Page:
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Direct Contact Between Pigs

(43) Infectious agents enter and leave the pig as shown in (Fig.2-16).

The common methods are by mouth (ingestion) or by inhalation. In general inhalation requires smaller doses of the organism than ingestion to set up an infection and produce disease because the acidity of the stomach and the normal bacterial flora of the intestines inhibit the multiplication of the organisms. Even smaller doses are required if infected material is splashed into the eyes. Some organisms, notably leptospira, can penetrate the mucous membrane lining the mouth and lips. Infections may enter the body through skin abrasions (e.g. erysipelothrix) and some may multiply in and on the skin (e.g. staphylococci causing greasy pig disease). Infections may also enter at mating either via the semen and seminal fluids or mechanically from the boar's prepucial sac, which is heavily infected with bacteria, or contamination. The penis may contaminate the vagina from the females dirty vulva and surrounding area.

Within the pig different infections multiply in different organs, enteric pathogens in the gut, respiratory pathogens in the respiratory tract, leptospira and some viruses in the kidneys, etc. and some become generalised and multiply throughout the body. The route by which the pathogen is spread will depend on the organs it has multiplied in.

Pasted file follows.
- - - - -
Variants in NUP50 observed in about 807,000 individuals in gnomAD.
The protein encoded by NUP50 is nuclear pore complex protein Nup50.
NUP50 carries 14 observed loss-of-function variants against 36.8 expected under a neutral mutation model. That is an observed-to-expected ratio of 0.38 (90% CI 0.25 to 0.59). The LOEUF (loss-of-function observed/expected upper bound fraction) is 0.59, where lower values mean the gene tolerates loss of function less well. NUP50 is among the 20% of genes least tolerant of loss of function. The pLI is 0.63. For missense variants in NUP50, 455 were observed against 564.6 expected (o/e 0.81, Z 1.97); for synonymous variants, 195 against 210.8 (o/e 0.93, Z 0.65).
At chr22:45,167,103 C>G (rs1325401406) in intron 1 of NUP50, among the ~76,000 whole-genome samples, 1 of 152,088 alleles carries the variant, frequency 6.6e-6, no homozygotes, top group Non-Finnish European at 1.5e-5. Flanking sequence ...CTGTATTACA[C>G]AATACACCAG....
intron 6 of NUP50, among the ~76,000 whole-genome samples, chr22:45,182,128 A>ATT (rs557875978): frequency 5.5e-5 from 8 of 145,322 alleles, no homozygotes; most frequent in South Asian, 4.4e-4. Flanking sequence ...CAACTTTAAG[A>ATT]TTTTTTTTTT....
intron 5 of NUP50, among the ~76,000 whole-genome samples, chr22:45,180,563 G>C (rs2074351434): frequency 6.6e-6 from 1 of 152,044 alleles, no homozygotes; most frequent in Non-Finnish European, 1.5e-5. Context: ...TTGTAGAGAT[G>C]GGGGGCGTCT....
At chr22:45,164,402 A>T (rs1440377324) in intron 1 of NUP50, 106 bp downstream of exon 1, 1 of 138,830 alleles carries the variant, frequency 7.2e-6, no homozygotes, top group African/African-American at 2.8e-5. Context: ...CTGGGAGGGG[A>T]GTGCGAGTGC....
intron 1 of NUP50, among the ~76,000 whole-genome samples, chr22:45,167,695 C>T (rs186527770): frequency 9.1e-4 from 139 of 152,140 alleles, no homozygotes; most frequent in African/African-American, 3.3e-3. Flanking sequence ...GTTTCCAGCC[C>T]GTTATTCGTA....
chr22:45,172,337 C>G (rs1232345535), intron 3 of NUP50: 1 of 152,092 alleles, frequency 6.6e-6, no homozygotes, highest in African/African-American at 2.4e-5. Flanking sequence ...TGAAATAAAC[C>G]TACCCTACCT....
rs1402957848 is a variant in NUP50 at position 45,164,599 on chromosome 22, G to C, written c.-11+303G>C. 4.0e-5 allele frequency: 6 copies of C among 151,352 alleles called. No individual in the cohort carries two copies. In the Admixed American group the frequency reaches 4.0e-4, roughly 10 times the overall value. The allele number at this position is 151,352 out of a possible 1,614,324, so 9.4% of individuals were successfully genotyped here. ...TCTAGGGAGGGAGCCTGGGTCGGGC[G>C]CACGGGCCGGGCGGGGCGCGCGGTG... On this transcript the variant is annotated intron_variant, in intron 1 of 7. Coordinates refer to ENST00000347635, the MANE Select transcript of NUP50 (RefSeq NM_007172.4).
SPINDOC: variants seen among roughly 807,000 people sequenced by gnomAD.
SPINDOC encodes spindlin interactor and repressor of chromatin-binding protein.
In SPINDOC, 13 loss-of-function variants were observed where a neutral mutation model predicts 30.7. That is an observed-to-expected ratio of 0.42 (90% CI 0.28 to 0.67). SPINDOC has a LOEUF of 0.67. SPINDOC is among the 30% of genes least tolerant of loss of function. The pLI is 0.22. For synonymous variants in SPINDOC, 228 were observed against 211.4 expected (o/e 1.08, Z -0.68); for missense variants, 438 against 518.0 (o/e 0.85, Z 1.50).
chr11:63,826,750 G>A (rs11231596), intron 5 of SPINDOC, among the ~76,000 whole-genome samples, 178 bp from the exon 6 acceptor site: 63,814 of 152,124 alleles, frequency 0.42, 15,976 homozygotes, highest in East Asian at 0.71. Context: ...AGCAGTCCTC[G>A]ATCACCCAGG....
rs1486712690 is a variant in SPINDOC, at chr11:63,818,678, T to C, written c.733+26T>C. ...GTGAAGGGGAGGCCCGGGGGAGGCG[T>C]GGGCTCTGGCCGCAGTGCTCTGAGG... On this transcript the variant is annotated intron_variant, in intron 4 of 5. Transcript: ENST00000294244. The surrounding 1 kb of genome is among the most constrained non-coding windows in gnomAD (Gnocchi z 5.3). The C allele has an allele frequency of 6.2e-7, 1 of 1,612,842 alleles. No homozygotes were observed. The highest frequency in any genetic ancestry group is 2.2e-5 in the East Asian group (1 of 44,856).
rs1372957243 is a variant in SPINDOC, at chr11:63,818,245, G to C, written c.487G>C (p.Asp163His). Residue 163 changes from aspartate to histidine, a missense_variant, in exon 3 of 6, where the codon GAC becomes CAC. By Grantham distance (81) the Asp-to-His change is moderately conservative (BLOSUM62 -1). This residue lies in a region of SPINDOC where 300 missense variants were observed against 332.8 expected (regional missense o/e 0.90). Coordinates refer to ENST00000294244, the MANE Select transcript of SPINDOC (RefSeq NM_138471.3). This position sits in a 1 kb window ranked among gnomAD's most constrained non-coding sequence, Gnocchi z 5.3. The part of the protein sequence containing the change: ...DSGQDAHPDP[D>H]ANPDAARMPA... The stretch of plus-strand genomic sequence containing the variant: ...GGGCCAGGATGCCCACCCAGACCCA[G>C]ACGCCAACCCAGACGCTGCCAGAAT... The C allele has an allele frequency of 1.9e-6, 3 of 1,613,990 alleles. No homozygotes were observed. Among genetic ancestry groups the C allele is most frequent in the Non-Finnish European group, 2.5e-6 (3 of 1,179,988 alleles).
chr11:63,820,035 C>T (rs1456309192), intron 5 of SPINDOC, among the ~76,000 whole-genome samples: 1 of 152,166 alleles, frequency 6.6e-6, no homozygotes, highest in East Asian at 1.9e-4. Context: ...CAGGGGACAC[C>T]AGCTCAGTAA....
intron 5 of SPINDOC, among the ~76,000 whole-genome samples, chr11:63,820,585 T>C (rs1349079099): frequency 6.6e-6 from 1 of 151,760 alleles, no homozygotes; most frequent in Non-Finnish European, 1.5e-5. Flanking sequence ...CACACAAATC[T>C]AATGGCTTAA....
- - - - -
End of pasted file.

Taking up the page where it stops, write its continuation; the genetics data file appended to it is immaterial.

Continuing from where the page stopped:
Many live in faeces, some in the urine (e.g. leptospira) in vaginal discharges, semen, the skin. saliva, nasal discharges and expired air.

The main method of spread of respiratory diseases is by airborne droplet infection. The transmission of diseases by droplet spread in the air, is often restricted to as little as 10 metres but under the right climatic conditions can be many kilometres. Where pigs are in the same environment and particularly when in the same pen, or where the pens are separated by railings, organisms will be transferred by direct body or nose to nose contact. Whether clinical disease develops or not is dependent upon a number of factors including:

  • The resistance of the pig to the infection.
  • The survival of the organism outside the pig.
  • The virulence of the organism.
  • The numbers of the organisms to which the pig is exposed. Spread of infection may be within or between herds and between countries. The reader is unlikely to be involved in the third of these so this section will concentrate on the first two, particularly the second.

    The ways in which infectious diseases spread within farms are similar to those by which they spread between farms except that the relative importance of each is different. In spread within farms, rodents, flies, equipment and airborne dust and aerosol are more important.

    There are also additional modes of spread within farms that are unlikely between farms. Often slurry or solid manure is moved or drained between pens which have a common defecating alley, and there is direct contact between pigs within pens and often between pens. Even if there is not direct contact between pens, infections, including intestinal infections, can move in the dust-laden air. The respiratory tracts of the pigs act as vacuum cleaners, removing the dust from the air, sticking it against the mucus of the respiratory tract and moving it to the throat by the mucus elevator so that it can be swallowed. This commences from birth. Thus newborn piglets take their first breath, inhale E. coli and introduce the bacteria to their intestines.

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